Read more: Conscious Consumer, Global Healing, Green, Green Scene, Nature, Nature & Wildlife, Outdoor Activities, Shades of Green

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Curtis Cook

Curtis Cook is a Non-Profit Executive committed to creating healthy, resilient and sustainable communities. He is a two-time book author and writes about the environment, sustainable development, and clean technologies. He lives in Alberta with his beautiful wife and soulmate Michelle.


+ add your own
10:32AM PST on Nov 18, 2012

This should be an illustration for all of us as to how everything is interconnected. There are no excuses; at least none that are acceptable. Now we realize there's a problem lets do something proactive about it.
I don't eat a lot of fish anymore due to the prevailing factory farmed variety; and the natural being tainted with heavy metals such as mercury. We need to do away with bottom net fishing and long line fishing not to mention the factory ships that throw away the undesirables such as shark, porpoise and turtles for example.

10:38PM PDT on Jul 28, 2012

The animals that rely upon the salmon to exist would be at the greatest risk. Hope they find the cause and the solutions soon.

2:34AM PDT on May 9, 2012

that’s awesome, thanks for sharing.
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9:53AM PDT on Oct 16, 2011

Thanks Curtis, giving up fish and seafood was easy!~

7:32AM PDT on Jul 23, 2011

This is a very sad story. Other animals and plants have to go only because "we" humans do not want to share the world with other life forms, these life forms "we" would not eat (vegetarian food is not a bad idea, or eating with conscience as the so called primitive cultures did and still do, if they still exist. No meat/fish every day). "We" destroy everything around us and "we" forget, that everything is important to survive, too.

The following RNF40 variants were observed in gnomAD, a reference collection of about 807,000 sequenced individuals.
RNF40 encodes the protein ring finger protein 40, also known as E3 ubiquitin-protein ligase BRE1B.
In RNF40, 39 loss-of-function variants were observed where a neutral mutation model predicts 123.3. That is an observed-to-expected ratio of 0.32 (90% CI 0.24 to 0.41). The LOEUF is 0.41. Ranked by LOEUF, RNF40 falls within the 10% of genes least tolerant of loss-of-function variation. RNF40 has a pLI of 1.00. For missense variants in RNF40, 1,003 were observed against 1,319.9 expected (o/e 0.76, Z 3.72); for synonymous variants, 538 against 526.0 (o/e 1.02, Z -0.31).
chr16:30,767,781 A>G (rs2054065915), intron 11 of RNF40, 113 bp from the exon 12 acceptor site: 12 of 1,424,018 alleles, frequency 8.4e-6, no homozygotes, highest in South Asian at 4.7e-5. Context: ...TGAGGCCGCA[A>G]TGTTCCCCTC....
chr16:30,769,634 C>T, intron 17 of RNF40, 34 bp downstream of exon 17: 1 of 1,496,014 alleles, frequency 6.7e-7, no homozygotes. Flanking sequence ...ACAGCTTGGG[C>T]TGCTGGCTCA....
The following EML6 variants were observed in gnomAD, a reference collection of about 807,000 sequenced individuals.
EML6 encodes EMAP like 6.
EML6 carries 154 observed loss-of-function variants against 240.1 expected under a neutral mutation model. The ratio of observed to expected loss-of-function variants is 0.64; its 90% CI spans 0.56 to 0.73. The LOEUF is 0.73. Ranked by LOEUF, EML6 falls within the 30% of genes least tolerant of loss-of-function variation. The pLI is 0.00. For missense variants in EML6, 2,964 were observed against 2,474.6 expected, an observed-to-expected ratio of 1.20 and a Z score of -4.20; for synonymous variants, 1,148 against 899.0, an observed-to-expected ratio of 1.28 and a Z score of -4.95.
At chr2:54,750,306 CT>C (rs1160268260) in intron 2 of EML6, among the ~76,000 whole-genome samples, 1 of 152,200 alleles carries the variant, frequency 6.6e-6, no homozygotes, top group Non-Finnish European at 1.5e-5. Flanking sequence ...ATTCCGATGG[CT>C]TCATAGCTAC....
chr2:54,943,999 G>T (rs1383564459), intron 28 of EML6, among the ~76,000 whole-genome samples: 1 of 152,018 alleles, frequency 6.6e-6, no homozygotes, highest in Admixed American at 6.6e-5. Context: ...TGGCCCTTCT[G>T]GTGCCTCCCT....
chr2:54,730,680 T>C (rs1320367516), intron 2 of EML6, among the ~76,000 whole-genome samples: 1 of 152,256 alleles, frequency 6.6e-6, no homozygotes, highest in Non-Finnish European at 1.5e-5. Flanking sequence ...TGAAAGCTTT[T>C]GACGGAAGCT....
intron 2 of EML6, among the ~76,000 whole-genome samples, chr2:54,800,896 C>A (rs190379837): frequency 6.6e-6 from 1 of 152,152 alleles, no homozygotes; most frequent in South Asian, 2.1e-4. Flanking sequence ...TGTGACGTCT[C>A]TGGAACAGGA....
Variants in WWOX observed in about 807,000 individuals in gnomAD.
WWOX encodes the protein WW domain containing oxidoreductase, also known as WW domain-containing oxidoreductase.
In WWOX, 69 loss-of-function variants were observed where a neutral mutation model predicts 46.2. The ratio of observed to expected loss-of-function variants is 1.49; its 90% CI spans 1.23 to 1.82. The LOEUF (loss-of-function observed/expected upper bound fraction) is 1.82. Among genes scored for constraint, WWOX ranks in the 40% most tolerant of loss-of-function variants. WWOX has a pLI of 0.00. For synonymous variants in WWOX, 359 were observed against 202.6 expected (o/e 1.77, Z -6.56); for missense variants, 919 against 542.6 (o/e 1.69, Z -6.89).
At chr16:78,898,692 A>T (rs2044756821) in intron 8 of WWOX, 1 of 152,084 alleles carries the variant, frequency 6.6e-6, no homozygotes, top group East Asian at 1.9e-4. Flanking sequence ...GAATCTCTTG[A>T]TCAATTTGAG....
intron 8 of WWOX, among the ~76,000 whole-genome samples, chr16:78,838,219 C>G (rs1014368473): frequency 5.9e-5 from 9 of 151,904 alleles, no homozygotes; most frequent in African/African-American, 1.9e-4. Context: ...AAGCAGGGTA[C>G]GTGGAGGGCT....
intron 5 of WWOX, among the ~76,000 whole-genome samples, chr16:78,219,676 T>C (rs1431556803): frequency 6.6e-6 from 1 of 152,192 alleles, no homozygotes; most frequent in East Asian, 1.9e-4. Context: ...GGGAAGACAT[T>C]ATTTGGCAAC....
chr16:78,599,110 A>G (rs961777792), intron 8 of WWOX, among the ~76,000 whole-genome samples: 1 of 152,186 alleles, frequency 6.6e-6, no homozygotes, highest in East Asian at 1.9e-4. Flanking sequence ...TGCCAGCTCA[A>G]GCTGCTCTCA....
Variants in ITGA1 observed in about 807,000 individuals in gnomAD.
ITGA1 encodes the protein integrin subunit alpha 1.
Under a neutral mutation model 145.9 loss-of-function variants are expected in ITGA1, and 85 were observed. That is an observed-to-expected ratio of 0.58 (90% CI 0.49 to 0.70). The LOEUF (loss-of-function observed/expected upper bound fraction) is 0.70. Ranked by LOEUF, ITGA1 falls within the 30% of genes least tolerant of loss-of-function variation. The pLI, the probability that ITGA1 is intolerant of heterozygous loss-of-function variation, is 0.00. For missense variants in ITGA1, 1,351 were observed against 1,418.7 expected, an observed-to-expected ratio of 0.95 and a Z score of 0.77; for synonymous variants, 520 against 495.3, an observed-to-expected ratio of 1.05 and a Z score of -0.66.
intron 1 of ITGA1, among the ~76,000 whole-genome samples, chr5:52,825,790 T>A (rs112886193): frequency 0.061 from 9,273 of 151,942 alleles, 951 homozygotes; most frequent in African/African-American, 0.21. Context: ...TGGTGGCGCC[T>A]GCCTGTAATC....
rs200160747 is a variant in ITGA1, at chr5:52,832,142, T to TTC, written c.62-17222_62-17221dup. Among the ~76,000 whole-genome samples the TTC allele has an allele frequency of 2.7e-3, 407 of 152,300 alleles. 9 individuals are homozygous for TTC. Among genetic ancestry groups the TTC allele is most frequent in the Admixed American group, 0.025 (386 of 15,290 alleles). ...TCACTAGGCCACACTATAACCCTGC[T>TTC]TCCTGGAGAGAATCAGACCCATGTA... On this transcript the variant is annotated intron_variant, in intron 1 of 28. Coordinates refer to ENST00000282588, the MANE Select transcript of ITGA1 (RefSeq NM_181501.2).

As little child i thought that rain is when God and the angels cry - because "we" humans have forgotten that we need this "intelligence", someone who could help... if "we" hadn't turned away for many centuries ago...

"Only when the last tree has been cut down; Only when the last river has been poisoned; Only when the last fish has been caught; Only then will you find that money cannot be eaten."
(Native American proverb)

"We have learned to fly the air like birds and swim the sea like fish, but we have not yet learned the simple art of living together as brothers." (Martin Luther King)

4:15PM PST on Jan 25, 2011

I'm doing my part - I never eat salmon.

1:06AM PST on Nov 21, 2010

Thanks for the info.

5:24AM PDT on Oct 31, 2010


9:48PM PDT on Sep 4, 2010

It's time everyone ate less fish or no fish (yeah, vegetarianism).

7:01AM PDT on Jul 24, 2010

And here I thought I was taking a step towards helping by only buying Stewardship caught fish when I buy it ...

I guess I'll cook even less of it, even if salmon is the one fish my daughter likes (other than fish fingers).

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Disclaimer: The views expressed above are solely those of the author and may not reflect those of
Care2, Inc., its employees or advertisers.